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Northwest Olympic Hopefuls Racing To Rio, Undeterred By Zika Virus

Tom Banse
Northwest News Network
Katie Mackey of the Brooks Beasts Track Club in Seattle won the 1500 meter race at the Brooks PR Invitational on June 18, 2016.

A bunch of world-class golfers and some men's U.S. basketball team nominees have announced they'll skip the Rio Olympics. Concerns about contracting the Zika virus are the most common excuse. By contrast, American track and field athletes seem eager to make the U.S. team for Brazil.

More than 1,000 elite runners and throwers are descending on Eugene for the U.S. Olympic Track and Field Team Trials, starting Friday. A number of the Olympic running hopefuls train in the Northwest.

Katie Mackey, a middle-distance runner from Seattle, did say Zika is on her mind.

"I don't think that would deter anybody from going, at least not on my end. I'll go and be careful,” she said. “There are always risks when you're travelling internationally."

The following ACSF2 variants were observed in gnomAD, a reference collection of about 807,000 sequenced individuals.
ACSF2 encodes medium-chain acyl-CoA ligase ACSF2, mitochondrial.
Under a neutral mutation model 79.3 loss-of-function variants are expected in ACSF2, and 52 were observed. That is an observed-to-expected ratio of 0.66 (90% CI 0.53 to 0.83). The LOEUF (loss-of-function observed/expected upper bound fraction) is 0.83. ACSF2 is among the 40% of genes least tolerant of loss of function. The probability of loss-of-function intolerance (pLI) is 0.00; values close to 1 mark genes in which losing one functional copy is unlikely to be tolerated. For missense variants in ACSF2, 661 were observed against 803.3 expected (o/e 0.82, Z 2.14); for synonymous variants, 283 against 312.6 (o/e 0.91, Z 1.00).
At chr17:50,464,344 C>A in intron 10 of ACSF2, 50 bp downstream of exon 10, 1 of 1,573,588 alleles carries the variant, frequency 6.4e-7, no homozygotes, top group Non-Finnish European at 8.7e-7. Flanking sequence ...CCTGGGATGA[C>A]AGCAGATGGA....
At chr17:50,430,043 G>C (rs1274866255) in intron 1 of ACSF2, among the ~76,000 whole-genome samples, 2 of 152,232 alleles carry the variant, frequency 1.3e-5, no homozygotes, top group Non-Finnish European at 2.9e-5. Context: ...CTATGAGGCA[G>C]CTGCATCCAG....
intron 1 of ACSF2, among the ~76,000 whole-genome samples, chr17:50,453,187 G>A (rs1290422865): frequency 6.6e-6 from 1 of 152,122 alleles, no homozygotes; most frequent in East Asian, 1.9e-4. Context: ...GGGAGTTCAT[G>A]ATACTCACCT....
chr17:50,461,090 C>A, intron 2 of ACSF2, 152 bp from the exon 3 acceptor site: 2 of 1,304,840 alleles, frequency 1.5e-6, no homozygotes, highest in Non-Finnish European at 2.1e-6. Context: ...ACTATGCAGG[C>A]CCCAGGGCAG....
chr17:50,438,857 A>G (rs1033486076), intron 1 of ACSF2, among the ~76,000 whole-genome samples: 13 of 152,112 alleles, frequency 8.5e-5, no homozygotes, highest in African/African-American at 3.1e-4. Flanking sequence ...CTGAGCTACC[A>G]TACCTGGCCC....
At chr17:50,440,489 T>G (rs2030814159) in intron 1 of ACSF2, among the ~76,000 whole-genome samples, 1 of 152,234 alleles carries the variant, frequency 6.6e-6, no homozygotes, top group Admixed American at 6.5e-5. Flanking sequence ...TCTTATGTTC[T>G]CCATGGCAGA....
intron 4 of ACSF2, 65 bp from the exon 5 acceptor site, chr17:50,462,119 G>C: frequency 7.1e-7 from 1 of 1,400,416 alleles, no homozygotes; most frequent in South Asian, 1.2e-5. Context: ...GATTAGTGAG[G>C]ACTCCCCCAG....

Mackey is entered in the 1500-meter and 5000-meter races at the Olympic trials.

She said she expects "a lot of precautions" to be taken in Rio, from bug spray, mosquito netting to covering up outdoors.

When the Olympic Games take place in August, it'll be winter in Brazil, the lull in mosquito season.

Technically, the 2016 U.S. Olympic track and field trials started Thursday with the 20-kilometer race walk. That was contested on a course through the streets of Salem, Oregon. Staff Sergeant John Nunn of the U.S. Army won the men's race and Maria Michta-Coffey, who is sponsored by Seattle-based Oiselle, topped the women's side.

The rest of the Olympic track and field trials take place at Hayward Field in Eugene and run through July 10.

Now semi-retired, Tom Banse covered national news, business, science, public policy, Olympic sports and human interest stories from across the Northwest. He reported from well known and out–of–the–way places in the region where important, amusing, touching, or outrageous events unfolded. Tom's stories can be found online and were heard on-air during "Morning Edition" and "All Things Considered" on NPR stations in Washington, Oregon, and Idaho.